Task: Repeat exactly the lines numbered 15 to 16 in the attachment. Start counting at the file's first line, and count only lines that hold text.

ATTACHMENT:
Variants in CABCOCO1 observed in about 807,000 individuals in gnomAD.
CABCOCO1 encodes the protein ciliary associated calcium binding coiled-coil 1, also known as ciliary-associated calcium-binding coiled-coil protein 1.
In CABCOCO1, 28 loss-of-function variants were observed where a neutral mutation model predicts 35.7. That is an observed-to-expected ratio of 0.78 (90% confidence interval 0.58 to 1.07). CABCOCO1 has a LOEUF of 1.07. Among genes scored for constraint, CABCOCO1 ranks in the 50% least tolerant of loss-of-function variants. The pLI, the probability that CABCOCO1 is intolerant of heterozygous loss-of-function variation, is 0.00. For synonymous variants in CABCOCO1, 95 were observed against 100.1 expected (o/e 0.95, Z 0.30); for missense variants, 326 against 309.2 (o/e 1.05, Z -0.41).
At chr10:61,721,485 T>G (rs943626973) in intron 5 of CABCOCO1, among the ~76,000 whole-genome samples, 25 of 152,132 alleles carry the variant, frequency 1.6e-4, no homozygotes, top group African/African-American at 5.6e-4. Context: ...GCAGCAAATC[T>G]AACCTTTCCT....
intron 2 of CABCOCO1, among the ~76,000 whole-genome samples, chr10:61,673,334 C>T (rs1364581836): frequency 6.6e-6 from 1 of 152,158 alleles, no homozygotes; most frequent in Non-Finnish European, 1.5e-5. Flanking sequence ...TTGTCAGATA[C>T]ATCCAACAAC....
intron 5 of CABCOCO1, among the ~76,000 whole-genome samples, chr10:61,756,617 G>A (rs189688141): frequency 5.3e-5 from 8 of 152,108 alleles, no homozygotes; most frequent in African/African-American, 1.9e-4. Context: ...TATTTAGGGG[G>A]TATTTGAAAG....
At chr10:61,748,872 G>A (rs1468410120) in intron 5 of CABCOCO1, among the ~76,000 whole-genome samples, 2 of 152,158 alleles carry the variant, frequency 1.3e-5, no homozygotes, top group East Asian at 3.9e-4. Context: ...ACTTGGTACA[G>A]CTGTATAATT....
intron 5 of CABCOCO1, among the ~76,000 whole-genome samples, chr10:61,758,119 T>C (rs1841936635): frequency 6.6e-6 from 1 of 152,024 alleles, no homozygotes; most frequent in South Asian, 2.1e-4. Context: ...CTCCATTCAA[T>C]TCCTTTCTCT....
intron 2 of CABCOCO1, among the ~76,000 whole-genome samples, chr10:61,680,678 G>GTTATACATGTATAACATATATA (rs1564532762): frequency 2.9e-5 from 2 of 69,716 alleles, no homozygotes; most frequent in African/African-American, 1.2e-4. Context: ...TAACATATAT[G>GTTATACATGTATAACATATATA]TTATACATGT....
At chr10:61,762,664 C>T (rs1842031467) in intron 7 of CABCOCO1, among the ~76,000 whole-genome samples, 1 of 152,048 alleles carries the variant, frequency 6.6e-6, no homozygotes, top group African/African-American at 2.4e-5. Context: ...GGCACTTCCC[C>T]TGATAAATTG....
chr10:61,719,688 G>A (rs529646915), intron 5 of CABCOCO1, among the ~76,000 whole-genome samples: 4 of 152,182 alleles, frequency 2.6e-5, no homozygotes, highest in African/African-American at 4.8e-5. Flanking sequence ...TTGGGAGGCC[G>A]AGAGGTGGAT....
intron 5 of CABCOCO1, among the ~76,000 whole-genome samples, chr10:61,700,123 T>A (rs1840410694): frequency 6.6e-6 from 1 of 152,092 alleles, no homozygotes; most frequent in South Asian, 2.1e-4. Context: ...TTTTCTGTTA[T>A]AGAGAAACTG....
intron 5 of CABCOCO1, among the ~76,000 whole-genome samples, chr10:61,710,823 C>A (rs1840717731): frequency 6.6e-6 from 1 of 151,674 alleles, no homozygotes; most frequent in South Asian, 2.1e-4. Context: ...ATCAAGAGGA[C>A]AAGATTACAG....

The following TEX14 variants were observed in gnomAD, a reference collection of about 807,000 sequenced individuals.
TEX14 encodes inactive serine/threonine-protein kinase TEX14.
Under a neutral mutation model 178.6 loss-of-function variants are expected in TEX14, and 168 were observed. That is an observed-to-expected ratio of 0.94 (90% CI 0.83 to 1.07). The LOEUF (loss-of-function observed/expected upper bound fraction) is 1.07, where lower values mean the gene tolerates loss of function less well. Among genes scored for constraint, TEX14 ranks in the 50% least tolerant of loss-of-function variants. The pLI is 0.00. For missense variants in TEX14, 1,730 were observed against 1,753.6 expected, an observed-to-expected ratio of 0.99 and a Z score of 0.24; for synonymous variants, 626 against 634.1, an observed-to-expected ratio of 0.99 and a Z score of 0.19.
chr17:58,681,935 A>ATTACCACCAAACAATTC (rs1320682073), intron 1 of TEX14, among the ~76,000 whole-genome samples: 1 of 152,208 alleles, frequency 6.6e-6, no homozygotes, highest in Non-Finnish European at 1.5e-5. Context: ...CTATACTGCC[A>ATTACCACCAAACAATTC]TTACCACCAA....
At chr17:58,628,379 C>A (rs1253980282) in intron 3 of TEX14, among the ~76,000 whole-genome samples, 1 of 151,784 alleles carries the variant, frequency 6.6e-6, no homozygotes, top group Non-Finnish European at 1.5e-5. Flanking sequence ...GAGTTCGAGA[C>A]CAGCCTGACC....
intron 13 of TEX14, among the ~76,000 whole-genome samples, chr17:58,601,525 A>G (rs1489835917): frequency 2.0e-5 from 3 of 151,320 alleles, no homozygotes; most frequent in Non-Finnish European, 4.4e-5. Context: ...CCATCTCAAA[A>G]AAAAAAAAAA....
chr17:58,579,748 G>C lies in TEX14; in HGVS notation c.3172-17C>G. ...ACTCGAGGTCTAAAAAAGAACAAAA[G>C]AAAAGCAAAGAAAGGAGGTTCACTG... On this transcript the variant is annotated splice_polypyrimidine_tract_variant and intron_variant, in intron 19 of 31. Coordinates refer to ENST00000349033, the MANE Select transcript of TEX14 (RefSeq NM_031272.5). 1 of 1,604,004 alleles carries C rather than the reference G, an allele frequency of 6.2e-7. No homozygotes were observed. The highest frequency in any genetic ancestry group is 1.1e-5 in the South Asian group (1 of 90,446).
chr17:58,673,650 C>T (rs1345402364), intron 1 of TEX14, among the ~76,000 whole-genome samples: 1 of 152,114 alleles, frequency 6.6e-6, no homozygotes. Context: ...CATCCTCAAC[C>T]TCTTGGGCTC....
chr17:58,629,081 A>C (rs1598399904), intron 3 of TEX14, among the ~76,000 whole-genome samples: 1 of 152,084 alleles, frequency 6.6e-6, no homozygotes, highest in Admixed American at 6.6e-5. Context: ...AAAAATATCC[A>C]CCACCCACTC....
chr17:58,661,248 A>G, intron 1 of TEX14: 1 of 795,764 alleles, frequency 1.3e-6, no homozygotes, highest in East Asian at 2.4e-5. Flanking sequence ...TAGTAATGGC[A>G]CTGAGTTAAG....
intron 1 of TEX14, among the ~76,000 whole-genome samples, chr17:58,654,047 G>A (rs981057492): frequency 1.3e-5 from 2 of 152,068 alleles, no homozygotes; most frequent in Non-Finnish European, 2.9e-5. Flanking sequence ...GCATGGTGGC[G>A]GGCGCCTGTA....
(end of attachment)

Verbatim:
TEX14 encodes inactive serine/threonine-protein kinase TEX14.
Under a neutral mutation model 178.6 loss-of-function variants are expected in TEX14, and 168 were observed. That is an observed-to-expected ratio of 0.94 (90% CI 0.83 to 1.07). The LOEUF (loss-of-function observed/expected upper bound fraction) is 1.07, where lower values mean the gene tolerates loss of function less well. Among genes scored for constraint, TEX14 ranks in the 50% least tolerant of loss-of-function variants. The pLI is 0.00. For missense variants in TEX14, 1,730 were observed against 1,753.6 expected, an observed-to-expected ratio of 0.99 and a Z score of 0.24; for synonymous variants, 626 against 634.1, an observed-to-expected ratio of 0.99 and a Z score of 0.19.